Anyway, I try not to let these articles get too long; I just want to share a few thoughts.  If you decide to check out the course, let me know what you think.

Sunday, June 4, 2017

Martin Fowler Breaks Down Event Driven Architecture

A few weeks ago, I wrote an article on this year's GOTO Conference videos. I recommended checking out a few presentations. Following my own advice, I ran across this gem from Martin Fowler.  If you're new to design patterns, or interested in event-driven architecture, take a look. He does a great job of breaking down a pretty broad concept.

It's like "service-oriented architecture."  This concept gets thrown-around a lot, but what does it really mean?  Microservices is technically service-oriented, but it's very different from building a monolithic, single-server API.  The concept of event-driven architecture suffers from the same ambiguity.  So is my app "event-driven" because I rely heavily on DOM events, or is it a problem that I sometimes call an object's method directly, rather than triggering an event?

Fowler doesn't attempt to answer these questions directly, or create a concrete definition.  Instead, he distills the concept down to four main paradigms: event notification, event-carried state transfer, event sourcing, and CQRS (Command Query Responsibility Segregation).  For the details, you can check out the video; he does a much better job explaining than I ever could.  It's a 50-minute presentation, so he only touches the surface, but it's sufficient.

I walked away with the ability to communicate my architecture choices more clearly.  When using Backbone, for example, I'm creating an event-driven app, but only in the sense that it's dependent on event notification.  I'm not using event sourcing for state management, or CQRS for IO.  This means better documentation, less confusion with other developers, and better questions.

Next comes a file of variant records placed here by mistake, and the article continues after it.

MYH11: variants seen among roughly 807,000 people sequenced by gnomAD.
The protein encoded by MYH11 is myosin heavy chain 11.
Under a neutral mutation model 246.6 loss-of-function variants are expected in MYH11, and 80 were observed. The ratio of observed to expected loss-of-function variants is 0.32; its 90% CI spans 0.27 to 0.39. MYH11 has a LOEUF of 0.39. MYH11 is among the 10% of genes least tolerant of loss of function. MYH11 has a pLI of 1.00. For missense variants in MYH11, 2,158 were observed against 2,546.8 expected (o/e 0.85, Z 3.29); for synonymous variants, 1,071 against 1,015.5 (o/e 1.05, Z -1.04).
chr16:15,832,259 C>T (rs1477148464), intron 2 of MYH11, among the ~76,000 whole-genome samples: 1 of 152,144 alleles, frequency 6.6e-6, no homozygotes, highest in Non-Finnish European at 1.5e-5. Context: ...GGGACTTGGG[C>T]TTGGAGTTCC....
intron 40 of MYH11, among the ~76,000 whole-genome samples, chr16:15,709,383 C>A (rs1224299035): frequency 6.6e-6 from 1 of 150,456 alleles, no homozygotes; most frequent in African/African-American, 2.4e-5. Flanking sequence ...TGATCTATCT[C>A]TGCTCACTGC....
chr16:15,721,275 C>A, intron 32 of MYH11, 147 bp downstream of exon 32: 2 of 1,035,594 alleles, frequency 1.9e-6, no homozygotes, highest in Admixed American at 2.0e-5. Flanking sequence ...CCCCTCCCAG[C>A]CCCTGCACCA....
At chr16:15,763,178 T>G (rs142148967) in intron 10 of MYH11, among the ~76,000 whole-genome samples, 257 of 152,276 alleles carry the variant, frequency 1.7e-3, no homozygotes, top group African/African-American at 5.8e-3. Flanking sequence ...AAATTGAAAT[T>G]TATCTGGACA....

Monday, May 29, 2017

Remote Work... Denied.

I recently tweeted an article regarding Microsoft's curtailing of remote work - a terrible decision.  Employment trends should move the exact opposite direction.

This is especially true in web development (Microsoft targeted software developers).  I could go on for days... We typically work alone; pushing and pulling code requires open source tools, which can be downloaded to practically any computer; development files are typically small, so slow/shaky connections are fine; working from home minimizes meetings and distractions, which are nightmares for focused developers.  It should be a no-brainer - better for everyone.

Even the planet - I'm a tree-hugger, so that matters to me.  We reduce gas consumption and emissions, buy less clothes, eat out less - there are plenty of examples, I'm sure.  The point is that we need to be moving towards "green" solutions.

I try to keep these posts relatively short, but bear with me a moment.  I'd like to reference a book I read this weekend - The 4-Hour Workweek, by Tim Ferriss. It's considered a must-read by a few people I follow and respect.  If you're reading this, I assume you care.  Ferriss spends quite a bit of time imploring employees to seek remote-work arrangements - even quitting, if the boss won't budge.

I hope Microsoft and others reconsider this move away from remote work.

If you're interested in my thoughts on The 4-Hour Workweek; it lives up to the hype.  Tim definitely includes more stories and "resources" than I deem necessary, but he articulates his arguments well, and a lot of what he says aligns with my personal philosophies.  If you're into refining your priorities and living an "effective" life, it's worth reading.  I even finished the book quicker, by following his speed reading tips.